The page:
How Tank and the Bangas Formed an Army of Sound

Courtesy of Simple Play Presents
Tank and the Bangas are coming to Valley Bar.
Open mic nights are all about the unexpected. You never know who’s gonna show up to take the stage — or how a moment of spontaneity might rock your world. At one such New Orleans event back in 2011, the planets aligned.

Tarriona “Tank” Bell rolled in. The vocalist was onsite to perform slam poetry that was already getting her some attention around town. There, she forged new relationships that led to a new musical endeavor.

The band were first Liberated Soul Collective and then BlackStar Bangas before settling on their current name: Tank and the Bangas. With Bell at the fore, the band merges elements of funk, soul, and hip-hop, telling stories with passion and a ferocity that contains both power and wit.

The Bangas are many in number and diverse in style. The current lineup includes Joshua Johnson (drums, musical director), Norman Spence (bass, synth), Jonathan Johnson (bass). Merell Burkett (keys), Joe Johnson (keys), Anjelika “Jelly” Joseph and Kayla Bug Gage (backing vocals), Albert Allenbeck (alto sax), and Etienne Stoffel (tenor sax).

The drummer has been playing since age 3, honing his skills at church and in school bands. Allenback was studying jazz in college when he saw bassist Spence’s flyer looking for musicians. He saw the band play one show at the legendary New Orleans club, Tipitinas, and asked to join the mix. Spence was another longtime player with roots in church performance.

Together, this small army of skillful musicians and background singers create a fusion of soulful sounds that weave through Bell’s vocals, which are all over the map.

There’s a whole cast of characters living in her vocal cords. She can break your heart with a rich soulful bellow, or make you laugh when she delivers some lyrics with a childish sass.

But Bell can also make your head spin as you try to keep up with and decipher her super-fast raps. It’s like Aretha Franklin’s ghost and Nicki Minaj had a fight and then became besties.

What makes the whole package a success is that everyone in the band owns it. There’s no feeling of separation between singer and band. Even when the music contrasts with the vocal offerings, it feels like teamwork, like family.

In their time together, Tank and the Bangas have released one studio album, one live record, and a couple of singles. But that’s been enough to garner a growing fan base and solid praise from music critics.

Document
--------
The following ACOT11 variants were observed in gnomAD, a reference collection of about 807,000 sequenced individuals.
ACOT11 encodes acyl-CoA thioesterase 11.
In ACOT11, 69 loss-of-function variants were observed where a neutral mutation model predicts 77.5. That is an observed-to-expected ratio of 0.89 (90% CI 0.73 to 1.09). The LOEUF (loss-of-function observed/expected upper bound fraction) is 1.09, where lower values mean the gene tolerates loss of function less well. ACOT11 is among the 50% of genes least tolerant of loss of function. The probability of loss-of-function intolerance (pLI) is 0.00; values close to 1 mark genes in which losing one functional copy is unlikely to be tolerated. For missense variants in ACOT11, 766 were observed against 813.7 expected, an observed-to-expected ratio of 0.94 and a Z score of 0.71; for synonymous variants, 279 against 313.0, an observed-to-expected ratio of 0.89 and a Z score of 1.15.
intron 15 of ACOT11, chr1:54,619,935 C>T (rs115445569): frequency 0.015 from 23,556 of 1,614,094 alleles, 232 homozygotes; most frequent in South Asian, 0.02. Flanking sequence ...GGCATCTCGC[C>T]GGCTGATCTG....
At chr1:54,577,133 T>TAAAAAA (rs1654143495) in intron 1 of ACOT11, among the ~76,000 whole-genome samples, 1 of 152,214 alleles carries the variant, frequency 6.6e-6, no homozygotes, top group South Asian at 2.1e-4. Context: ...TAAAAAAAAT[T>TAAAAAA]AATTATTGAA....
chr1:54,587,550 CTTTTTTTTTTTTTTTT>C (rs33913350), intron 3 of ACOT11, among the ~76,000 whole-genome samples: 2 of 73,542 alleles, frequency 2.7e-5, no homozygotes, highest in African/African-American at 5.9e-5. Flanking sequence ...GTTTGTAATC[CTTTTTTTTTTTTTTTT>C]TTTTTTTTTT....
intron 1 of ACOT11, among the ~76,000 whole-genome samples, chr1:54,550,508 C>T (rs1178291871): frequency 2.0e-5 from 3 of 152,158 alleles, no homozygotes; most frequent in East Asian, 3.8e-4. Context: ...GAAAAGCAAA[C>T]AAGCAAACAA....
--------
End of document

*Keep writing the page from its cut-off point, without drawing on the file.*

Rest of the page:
There are 15 tracks on the band’s 2013 full-length, Think Tank, and they solidified the band’s uniqueness. “WalMart” could be about a bad relationship with the chain store, or an entanglement with a shitty person. Maybe both. Either way, you want to follow it through its five-plus minutes where a funky, plucky bass sets the tone for a slow and steady rap that lulls you to its more bombastic ending.

“The Ass” has a similar message, and is just as minimal, musically. It puts the emphasis on Bell’s storytelling for its duration, which barely breaks the one-minute mark. You can’t not laugh when she starts it off with: “Out of all the parts of the body you could be / I never thought that you, my love, could be the asshole.”

The title of “Themeparks” suggests potential zaniness, but this one is a classic soul journey to the close. It’s classic R&B with Tank providing slow and rich vocals. Behind her, the keyboards and percussion provide a sweeping backdrop that accentuate her back-and-forth range from high to low. While the music wraps around her vocals, the drums keep a steady percussive march that maintains a linear focus.

If it’s an ass-shaker you want, no problem. “The Brady’s” will keep you moving. It’s a synth-y, jumpy hip-hop-meets-pop track that the band also peppers with some funky soul moments, all while Tank shows off how fast she can spit about family dynamics.

A big coup for the band was winning NPR’s 2017 Tiny Desk Contest. The Tiny Desk Concert series features intimate shows performed at the desk of Bob Boilen, host of NPR’s All Things Considered. The annual competition may include diminutive furniture, but it’s no small happening. This year’s musical battle saw more than 6,000 musical acts throw hats in the ring, hoping to be crowned victorious. Tank and the Bangas took that honor, with all its bragging rights and the prize of performing their own Tiny Desk Concert.

Another accomplishment this year is the release of the single “Quick.” It’s both silly and serious, telling a tale about a woman maneuvering out of some scary scenarios. A seven-minute video plays it all out, in detail.

Tank and the Bangas are scheduled to play at Valley Bar on Friday, October 6. Tickets are $15 to $18 via